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In High Performance Liquid Chromatography (HPLC), the actual gradient is a bit different from the true gradient programmed because of dwell volume and other effects. For example, in the figure added, we can see the programmed gradient in red and the actual gradient in blue.

I'm wondering if there are formulas I can use to approximate/estimate the actual gradient from my programmed gradient or gradient steps (given dwell volume, flow-rate, etc...)?

Approximations are ok, I don't expect this to be computable exactly. Any suggestions are welcome.

Programmed gradient (red) vs actual gradient (blue)

Figure just to illustrate the real gradient being different. source

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    $\begingroup$ There is no simple formula to calculate the actual gradients, as you can see yourself. The functional output is quite complicated (RC filter like output). I am sure if someone had a very detailed knowledge of fluid mechanics they could have easily predicted that. However there are empirical ways: Search this title. “Measure Your Gradient”: A New Way to Measure Gradients in High Performance Liquid Chromatography by Mass Spectrometric or Absorbance Detection $\endgroup$
    – AChem
    May 13, 2023 at 13:50
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    $\begingroup$ I assume the exponential response with transport delay is good enough. $\endgroup$
    – Poutnik
    May 13, 2023 at 14:40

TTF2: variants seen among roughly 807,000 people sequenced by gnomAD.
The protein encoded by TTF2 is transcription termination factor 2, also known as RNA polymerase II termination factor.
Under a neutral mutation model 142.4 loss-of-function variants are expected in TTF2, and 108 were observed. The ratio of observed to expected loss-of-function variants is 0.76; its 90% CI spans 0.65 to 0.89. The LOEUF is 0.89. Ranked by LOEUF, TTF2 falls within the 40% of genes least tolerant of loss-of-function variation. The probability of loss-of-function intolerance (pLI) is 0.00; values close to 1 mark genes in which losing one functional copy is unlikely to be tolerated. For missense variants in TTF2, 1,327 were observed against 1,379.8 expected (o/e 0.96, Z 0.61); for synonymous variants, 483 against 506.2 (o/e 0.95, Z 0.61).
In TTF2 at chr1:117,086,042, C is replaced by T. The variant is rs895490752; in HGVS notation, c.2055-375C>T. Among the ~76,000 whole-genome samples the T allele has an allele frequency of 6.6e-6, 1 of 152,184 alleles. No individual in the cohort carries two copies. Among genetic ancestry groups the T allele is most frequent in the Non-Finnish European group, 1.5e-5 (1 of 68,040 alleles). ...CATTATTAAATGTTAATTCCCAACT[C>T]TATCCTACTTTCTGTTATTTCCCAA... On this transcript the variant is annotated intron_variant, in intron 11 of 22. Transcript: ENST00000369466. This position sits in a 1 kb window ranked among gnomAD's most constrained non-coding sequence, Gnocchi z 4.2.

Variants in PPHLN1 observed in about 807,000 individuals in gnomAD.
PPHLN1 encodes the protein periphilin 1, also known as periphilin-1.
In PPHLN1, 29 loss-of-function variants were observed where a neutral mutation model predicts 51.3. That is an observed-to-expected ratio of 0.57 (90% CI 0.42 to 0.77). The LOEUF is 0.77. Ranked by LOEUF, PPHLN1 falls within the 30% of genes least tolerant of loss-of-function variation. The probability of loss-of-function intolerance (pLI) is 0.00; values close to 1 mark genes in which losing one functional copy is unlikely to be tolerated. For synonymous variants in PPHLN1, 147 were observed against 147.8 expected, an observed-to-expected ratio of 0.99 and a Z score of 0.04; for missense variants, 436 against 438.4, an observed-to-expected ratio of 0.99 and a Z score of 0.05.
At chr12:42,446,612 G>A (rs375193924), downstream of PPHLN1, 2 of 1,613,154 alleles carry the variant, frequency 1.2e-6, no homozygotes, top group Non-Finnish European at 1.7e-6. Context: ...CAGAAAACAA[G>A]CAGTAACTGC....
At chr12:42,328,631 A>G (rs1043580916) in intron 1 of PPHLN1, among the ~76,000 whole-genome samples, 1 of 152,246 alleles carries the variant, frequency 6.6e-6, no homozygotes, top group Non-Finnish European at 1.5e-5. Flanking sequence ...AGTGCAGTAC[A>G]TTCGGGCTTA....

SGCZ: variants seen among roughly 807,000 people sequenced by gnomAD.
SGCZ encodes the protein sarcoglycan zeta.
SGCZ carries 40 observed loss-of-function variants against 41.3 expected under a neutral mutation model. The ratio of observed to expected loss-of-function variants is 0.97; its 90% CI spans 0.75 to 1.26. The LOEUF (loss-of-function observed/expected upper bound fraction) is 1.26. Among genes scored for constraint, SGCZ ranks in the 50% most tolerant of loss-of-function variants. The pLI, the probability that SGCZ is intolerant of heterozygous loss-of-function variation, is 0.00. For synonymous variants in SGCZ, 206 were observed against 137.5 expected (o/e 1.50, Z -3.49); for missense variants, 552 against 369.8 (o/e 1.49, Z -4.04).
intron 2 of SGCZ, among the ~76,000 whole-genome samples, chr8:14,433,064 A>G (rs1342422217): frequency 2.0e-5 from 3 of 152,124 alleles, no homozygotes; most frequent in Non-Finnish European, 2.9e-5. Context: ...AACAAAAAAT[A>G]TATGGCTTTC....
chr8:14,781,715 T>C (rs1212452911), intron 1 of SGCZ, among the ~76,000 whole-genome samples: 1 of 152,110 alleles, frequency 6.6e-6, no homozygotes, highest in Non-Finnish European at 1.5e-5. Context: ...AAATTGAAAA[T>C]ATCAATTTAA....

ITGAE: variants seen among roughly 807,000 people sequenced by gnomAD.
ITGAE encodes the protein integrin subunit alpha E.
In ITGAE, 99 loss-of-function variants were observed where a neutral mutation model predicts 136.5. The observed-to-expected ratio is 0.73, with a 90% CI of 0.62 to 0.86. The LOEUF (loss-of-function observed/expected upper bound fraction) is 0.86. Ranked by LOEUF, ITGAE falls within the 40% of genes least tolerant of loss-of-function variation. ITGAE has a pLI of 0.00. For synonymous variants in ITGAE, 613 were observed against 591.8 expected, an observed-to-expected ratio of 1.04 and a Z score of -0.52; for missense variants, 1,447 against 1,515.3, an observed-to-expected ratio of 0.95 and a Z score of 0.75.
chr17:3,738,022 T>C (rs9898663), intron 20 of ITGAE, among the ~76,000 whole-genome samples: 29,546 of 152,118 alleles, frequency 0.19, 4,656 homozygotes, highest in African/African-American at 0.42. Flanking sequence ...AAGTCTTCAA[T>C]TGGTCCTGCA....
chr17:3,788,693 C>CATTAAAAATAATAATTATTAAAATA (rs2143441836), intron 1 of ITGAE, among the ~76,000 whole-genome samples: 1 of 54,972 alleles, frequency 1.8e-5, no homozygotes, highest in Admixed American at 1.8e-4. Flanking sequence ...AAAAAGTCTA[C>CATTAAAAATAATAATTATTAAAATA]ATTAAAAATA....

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Based on the comments of @AChem and @Poutnik the "exponential response with transport delay" seems to be ok for my use use-case.

The Paper “Measure Your Gradient”: A New Way to Measure Gradients in High Performance Liquid Chromatography by Mass Spectrometric or Absorbance Detection, cited by @AChem. Summarizes it nicely:

The gradient produced by an HPLC is never the same as the one it is programmed to produce. Gradient non-idealities are usually categorized into three types:

  • Gradient delay time (dwell time)
    • Delay from the time the gradient is programmed to be produced to when it actually reaches the point where the sample is injected.
  • Gradient dispersion
    • Gradient dispersion is the rounding out of the gradient, resulting in more gradual changes in slope as if a low-pass filter were applied to the gradient profile.
  • Solvent misproportioning
    • Any other gradient non-ideality that is not described by the former two categories

Gradient delay and dispersion

So I ended up modelling:

  • Gradient dispersion with exponential smoothing ("exponential response" mentioned by @Poutnik, "RC filter" mentioned by @AChem)
  • Gradient delay by adding a linear lag to my time domain ("transport delay" mentioned by @Poutnik)
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    $\begingroup$ it is good to know that you were able to model the gradient! Very nice work. $\endgroup$
    – AChem
    May 17, 2023 at 18:50

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